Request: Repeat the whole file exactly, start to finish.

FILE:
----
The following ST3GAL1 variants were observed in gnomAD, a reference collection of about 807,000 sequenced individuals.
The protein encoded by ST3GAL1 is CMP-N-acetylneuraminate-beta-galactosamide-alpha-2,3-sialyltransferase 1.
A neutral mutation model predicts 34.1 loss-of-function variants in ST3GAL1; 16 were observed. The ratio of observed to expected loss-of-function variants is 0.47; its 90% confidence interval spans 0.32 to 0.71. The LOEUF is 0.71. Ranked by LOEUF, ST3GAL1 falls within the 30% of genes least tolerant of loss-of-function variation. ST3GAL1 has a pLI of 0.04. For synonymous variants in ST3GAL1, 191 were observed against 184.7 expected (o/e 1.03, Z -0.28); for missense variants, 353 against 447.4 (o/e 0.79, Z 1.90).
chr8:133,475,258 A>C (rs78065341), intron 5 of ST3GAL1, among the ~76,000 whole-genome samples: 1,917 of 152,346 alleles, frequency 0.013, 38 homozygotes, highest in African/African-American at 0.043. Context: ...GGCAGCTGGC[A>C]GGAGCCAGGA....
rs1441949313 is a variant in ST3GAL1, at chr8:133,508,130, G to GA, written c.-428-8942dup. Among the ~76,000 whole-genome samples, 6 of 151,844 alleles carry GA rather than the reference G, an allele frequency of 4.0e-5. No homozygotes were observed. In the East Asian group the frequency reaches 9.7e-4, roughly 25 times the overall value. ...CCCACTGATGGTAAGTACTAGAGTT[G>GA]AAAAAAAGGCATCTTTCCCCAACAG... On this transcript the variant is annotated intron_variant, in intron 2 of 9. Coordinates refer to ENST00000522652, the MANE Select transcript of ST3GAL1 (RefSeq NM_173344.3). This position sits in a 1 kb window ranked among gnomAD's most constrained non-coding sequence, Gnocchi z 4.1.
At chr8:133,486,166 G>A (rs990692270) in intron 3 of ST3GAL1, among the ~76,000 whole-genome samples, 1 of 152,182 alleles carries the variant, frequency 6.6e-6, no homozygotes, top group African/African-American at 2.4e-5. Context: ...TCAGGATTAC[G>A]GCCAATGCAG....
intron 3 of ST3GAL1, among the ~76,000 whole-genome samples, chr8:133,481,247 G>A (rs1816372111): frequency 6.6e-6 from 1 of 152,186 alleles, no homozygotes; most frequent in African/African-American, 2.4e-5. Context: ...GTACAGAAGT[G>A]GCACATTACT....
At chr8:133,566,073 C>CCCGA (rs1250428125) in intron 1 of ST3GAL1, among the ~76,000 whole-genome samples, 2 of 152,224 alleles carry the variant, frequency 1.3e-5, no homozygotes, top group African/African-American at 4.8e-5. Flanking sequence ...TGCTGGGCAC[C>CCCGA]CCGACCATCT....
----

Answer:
The following ST3GAL1 variants were observed in gnomAD, a reference collection of about 807,000 sequenced individuals.
The protein encoded by ST3GAL1 is CMP-N-acetylneuraminate-beta-galactosamide-alpha-2,3-sialyltransferase 1.
A neutral mutation model predicts 34.1 loss-of-function variants in ST3GAL1; 16 were observed. The ratio of observed to expected loss-of-function variants is 0.47; its 90% confidence interval spans 0.32 to 0.71. The LOEUF is 0.71. Ranked by LOEUF, ST3GAL1 falls within the 30% of genes least tolerant of loss-of-function variation. ST3GAL1 has a pLI of 0.04. For synonymous variants in ST3GAL1, 191 were observed against 184.7 expected (o/e 1.03, Z -0.28); for missense variants, 353 against 447.4 (o/e 0.79, Z 1.90).
chr8:133,475,258 A>C (rs78065341), intron 5 of ST3GAL1, among the ~76,000 whole-genome samples: 1,917 of 152,346 alleles, frequency 0.013, 38 homozygotes, highest in African/African-American at 0.043. Context: ...GGCAGCTGGC[A>C]GGAGCCAGGA....
rs1441949313 is a variant in ST3GAL1, at chr8:133,508,130, G to GA, written c.-428-8942dup. Among the ~76,000 whole-genome samples, 6 of 151,844 alleles carry GA rather than the reference G, an allele frequency of 4.0e-5. No homozygotes were observed. In the East Asian group the frequency reaches 9.7e-4, roughly 25 times the overall value. ...CCCACTGATGGTAAGTACTAGAGTT[G>GA]AAAAAAAGGCATCTTTCCCCAACAG... On this transcript the variant is annotated intron_variant, in intron 2 of 9. Coordinates refer to ENST00000522652, the MANE Select transcript of ST3GAL1 (RefSeq NM_173344.3). This position sits in a 1 kb window ranked among gnomAD's most constrained non-coding sequence, Gnocchi z 4.1.
At chr8:133,486,166 G>A (rs990692270) in intron 3 of ST3GAL1, among the ~76,000 whole-genome samples, 1 of 152,182 alleles carries the variant, frequency 6.6e-6, no homozygotes, top group African/African-American at 2.4e-5. Context: ...TCAGGATTAC[G>A]GCCAATGCAG....
intron 3 of ST3GAL1, among the ~76,000 whole-genome samples, chr8:133,481,247 G>A (rs1816372111): frequency 6.6e-6 from 1 of 152,186 alleles, no homozygotes; most frequent in African/African-American, 2.4e-5. Context: ...GTACAGAAGT[G>A]GCACATTACT....
At chr8:133,566,073 C>CCCGA (rs1250428125) in intron 1 of ST3GAL1, among the ~76,000 whole-genome samples, 2 of 152,224 alleles carry the variant, frequency 1.3e-5, no homozygotes, top group African/African-American at 4.8e-5. Flanking sequence ...TGCTGGGCAC[C>CCCGA]CCGACCATCT....